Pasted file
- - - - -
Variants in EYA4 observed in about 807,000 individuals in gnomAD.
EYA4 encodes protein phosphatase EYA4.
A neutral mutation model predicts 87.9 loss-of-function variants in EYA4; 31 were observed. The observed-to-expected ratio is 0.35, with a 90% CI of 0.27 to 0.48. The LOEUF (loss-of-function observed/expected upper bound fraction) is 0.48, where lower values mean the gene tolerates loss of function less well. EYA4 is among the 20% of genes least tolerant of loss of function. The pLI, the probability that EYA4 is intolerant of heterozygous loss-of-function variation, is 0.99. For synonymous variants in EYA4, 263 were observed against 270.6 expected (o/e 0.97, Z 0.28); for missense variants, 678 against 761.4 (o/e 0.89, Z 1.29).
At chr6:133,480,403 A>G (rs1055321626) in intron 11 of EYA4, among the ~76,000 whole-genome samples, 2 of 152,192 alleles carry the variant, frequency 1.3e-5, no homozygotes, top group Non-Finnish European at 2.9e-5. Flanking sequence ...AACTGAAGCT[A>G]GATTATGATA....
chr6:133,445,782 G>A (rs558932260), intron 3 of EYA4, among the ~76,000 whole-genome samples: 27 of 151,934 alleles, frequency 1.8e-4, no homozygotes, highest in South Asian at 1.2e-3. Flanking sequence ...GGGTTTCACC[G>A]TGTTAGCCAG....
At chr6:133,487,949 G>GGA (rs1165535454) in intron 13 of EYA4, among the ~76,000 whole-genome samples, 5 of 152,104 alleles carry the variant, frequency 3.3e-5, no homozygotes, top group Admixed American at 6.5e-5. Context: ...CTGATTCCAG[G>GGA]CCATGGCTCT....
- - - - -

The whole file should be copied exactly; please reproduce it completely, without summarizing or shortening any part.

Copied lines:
Variants in EYA4 observed in about 807,000 individuals in gnomAD.
EYA4 encodes protein phosphatase EYA4.
A neutral mutation model predicts 87.9 loss-of-function variants in EYA4; 31 were observed. The observed-to-expected ratio is 0.35, with a 90% CI of 0.27 to 0.48. The LOEUF (loss-of-function observed/expected upper bound fraction) is 0.48, where lower values mean the gene tolerates loss of function less well. EYA4 is among the 20% of genes least tolerant of loss of function. The pLI, the probability that EYA4 is intolerant of heterozygous loss-of-function variation, is 0.99. For synonymous variants in EYA4, 263 were observed against 270.6 expected (o/e 0.97, Z 0.28); for missense variants, 678 against 761.4 (o/e 0.89, Z 1.29).
At chr6:133,480,403 A>G (rs1055321626) in intron 11 of EYA4, among the ~76,000 whole-genome samples, 2 of 152,192 alleles carry the variant, frequency 1.3e-5, no homozygotes, top group Non-Finnish European at 2.9e-5. Flanking sequence ...AACTGAAGCT[A>G]GATTATGATA....
chr6:133,445,782 G>A (rs558932260), intron 3 of EYA4, among the ~76,000 whole-genome samples: 27 of 151,934 alleles, frequency 1.8e-4, no homozygotes, highest in South Asian at 1.2e-3. Flanking sequence ...GGGTTTCACC[G>A]TGTTAGCCAG....
At chr6:133,487,949 G>GGA (rs1165535454) in intron 13 of EYA4, among the ~76,000 whole-genome samples, 5 of 152,104 alleles carry the variant, frequency 3.3e-5, no homozygotes, top group Admixed American at 6.5e-5. Context: ...CTGATTCCAG[G>GGA]CCATGGCTCT....